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NEWS
June 2, 1995 | CYNTHIA H. CRAFT, TIMES STAFF WRITER
Breathing new life into the movement to split up the Los Angeles Unified School District, the California Assembly on Thursday passed a bill making it easier for voters to mandate a breakup of the sprawling, 708-square-mile district. The bill, by Assemblywoman Paula Boland (R-Granada Hills), eases the way for breakup advocates by lowering the number of petition signatures needed before the question can be placed on a ballot.
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NEWS
April 5, 1995 | BETH SHUSTER, TIMES STAFF WRITER
Students in the Los Angeles Unified School District scored at the lowest levels in all subject areas in the latest--and last--batch of California Learning Assessment System tests, prompting officials to pledge changes in city schools. The 1994 scores, released Tuesday by the state Department of Education, show that the vast majority of the district's fourth-, eighth- and 10th-graders performed well below state standards in reading, writing and mathematics.
NEWS
September 3, 1995 | BETH SHUSTER, TIMES STAFF WRITER
For the first time in years, the half million or so Los Angeles students trooping into fall classes this week may wind up atop the local political agenda as parents and politicians turn their attention to improving--rather than abandoning--the city's public schools.
CALIFORNIA | LOCAL
October 23, 1994
Reform is the buzzword in public schools today. Faced with a student population that needs more help and the public's demand for higher quality, schools are trying new methods of teaching and recreating the look, feel and daily pace of the classroom. It can be a bewildering process for parents. This package of stories hopes to take the mystery out of some of the leading reform efforts under way in the Los Angeles area.
CALIFORNIA | LOCAL
February 19, 1992 | SANDY BANKS, TIMES EDUCATION WRITER
The Los Angeles teachers' union and a group of parents are challenging a proposed settlement to a landmark lawsuit against the Los Angeles Unified School District, contending that the agreement would unfairly penalize teachers and hurt middle-class schools.
CALIFORNIA | LOCAL
April 22, 1992 | CHARISSE JONES, TIMES STAFF WRITER
Nearly six years after the legal wrangling began, attorneys for the Los Angeles Unified School District and a group of parents said Tuesday they have removed the last stumbling blocks to settling a lawsuit that charges the district with perpetuating inequities between campuses in middle-class and poor neighborhoods.
CALIFORNIA | LOCAL
April 11, 1992 | HENRY CHU, TIMES STAFF WRITER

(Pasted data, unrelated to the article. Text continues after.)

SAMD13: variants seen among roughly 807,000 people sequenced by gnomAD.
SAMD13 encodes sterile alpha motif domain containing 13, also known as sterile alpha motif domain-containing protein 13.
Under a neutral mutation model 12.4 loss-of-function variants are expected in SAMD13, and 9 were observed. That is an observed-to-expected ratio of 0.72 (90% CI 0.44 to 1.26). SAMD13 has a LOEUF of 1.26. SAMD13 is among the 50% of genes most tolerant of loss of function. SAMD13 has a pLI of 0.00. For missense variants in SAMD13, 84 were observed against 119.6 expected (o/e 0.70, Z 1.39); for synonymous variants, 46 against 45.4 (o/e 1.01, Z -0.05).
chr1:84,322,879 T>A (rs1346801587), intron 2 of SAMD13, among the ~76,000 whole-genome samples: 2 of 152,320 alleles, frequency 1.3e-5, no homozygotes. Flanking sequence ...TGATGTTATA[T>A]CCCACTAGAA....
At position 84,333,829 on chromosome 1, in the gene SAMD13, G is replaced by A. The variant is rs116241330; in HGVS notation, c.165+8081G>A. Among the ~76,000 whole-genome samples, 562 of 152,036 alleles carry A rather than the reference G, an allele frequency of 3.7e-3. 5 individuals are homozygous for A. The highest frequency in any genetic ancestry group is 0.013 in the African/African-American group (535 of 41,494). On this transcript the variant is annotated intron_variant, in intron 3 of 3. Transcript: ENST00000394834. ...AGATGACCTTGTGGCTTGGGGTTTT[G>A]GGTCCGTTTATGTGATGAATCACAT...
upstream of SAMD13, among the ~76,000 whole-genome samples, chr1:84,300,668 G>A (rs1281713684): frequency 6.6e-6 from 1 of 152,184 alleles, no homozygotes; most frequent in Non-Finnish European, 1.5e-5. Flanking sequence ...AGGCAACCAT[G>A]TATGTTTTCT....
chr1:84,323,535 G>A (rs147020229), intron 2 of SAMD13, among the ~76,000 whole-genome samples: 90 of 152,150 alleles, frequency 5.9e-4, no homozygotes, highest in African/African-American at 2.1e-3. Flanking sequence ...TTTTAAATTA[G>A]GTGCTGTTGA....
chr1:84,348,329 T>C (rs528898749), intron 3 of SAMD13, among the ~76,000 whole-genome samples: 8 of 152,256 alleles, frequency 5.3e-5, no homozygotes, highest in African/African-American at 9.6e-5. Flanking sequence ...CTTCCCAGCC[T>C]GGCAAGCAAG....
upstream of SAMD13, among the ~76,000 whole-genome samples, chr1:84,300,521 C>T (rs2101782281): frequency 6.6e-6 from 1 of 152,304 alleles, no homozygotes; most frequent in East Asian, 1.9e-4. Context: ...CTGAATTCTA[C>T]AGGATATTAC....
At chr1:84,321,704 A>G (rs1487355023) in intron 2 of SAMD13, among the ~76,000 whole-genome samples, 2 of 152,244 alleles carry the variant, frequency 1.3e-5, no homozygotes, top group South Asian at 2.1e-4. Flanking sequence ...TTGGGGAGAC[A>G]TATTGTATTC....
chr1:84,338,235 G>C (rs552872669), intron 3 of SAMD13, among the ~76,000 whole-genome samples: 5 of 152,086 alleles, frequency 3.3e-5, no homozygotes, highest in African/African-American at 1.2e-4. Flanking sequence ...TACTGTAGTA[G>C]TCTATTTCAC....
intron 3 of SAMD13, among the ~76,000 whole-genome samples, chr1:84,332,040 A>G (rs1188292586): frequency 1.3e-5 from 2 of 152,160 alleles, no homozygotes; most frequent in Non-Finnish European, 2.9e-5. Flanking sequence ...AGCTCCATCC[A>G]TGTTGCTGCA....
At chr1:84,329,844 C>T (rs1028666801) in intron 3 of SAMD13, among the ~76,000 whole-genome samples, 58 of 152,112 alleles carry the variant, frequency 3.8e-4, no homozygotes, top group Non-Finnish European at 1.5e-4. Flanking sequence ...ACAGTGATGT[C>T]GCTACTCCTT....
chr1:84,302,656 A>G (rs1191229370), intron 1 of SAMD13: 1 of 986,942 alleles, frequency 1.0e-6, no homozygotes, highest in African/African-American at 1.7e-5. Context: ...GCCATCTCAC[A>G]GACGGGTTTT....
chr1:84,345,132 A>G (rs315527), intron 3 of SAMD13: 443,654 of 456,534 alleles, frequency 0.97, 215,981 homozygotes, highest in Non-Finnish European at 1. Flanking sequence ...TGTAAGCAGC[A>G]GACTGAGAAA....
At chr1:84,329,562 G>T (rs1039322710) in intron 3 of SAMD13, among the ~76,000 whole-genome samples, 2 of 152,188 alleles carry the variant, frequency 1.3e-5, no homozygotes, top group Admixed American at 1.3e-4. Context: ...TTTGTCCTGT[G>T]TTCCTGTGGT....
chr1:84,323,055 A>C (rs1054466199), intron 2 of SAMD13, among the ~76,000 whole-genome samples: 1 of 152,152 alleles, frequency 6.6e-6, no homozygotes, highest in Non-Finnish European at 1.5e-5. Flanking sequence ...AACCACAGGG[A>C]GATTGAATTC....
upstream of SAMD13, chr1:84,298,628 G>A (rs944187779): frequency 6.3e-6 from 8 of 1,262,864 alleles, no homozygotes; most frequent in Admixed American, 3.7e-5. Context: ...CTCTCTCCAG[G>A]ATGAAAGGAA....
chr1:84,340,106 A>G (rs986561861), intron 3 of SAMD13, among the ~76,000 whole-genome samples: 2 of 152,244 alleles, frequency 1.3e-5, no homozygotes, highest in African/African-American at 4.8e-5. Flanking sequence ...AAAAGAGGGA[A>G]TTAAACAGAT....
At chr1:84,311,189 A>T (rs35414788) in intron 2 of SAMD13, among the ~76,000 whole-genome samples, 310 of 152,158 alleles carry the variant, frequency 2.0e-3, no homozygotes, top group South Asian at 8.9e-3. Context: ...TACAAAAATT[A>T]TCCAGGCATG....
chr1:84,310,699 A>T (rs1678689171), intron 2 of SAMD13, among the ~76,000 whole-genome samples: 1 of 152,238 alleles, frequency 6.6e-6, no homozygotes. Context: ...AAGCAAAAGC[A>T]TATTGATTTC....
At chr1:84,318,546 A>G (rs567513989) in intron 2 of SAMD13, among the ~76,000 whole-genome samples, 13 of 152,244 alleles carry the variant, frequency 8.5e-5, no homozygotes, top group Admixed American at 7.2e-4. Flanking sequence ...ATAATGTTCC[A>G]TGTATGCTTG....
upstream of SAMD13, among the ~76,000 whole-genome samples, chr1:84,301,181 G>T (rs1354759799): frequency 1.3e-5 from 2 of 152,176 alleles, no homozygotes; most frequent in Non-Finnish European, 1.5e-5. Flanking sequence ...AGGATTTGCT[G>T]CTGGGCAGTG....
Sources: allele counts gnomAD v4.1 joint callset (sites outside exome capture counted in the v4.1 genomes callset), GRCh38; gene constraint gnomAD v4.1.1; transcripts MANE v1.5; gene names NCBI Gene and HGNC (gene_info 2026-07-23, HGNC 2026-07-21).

Their eyes are on the prize, a victory Sunday in the national academic decathlon. But to their amusement--and sometimes their amazement--the students from El Camino Real High School in Woodland Hills have noticed plenty of eyes on them. "Everyone knows you're one of the top teams and looks at you," said El Camino senior Brian Lazarus, 18. "As soon as they hear that we're from California, they get all serious."
CALIFORNIA | LOCAL
April 11, 1992 | HENRY CHU, TIMES STAFF WRITER
Their eyes are on the prize--a victory Sunday in the national academic decathlon. But to their amusement, and sometimes their amazement, the students from El Camino Real High School in Woodland Hills have noticed plenty of eyes on them. "Everyone knows you're one of the top teams and looks at you," said El Camino senior Brian Lazarus, 18. "As soon as they hear that we're from California, they get all serious."
CALIFORNIA | LOCAL
December 4, 1992 | STEPHANIE CHAVEZ, TIMES EDUCATION WRITER
A private, two-hour meeting before a state mediator Thursday failed to bring the Los Angeles school district and teachers union negotiators closer to an agreement, as both sides fired more legal salvos in an increasingly contentious labor dispute. The session came one week after a Los Angeles Superior Court judge ruled that the district and union must wage their legal battles before a state labor relations agency that is legally empowered to enforce labor laws applying to school districts.
CALIFORNIA | LOCAL
December 31, 1992 | HENRY CHU and JACK CHEEVERS, TIMES STAFF WRITERS
State Senate leader David A. Roberti, who has vowed to break up the mammoth Los Angeles Unified School District, opened his political offensive Wednesday by releasing a hastily written state report that claims the district cannot account for nearly 20% of its $400-million budget deficit. School officials immediately blasted the report as "slipshod" and misleading.
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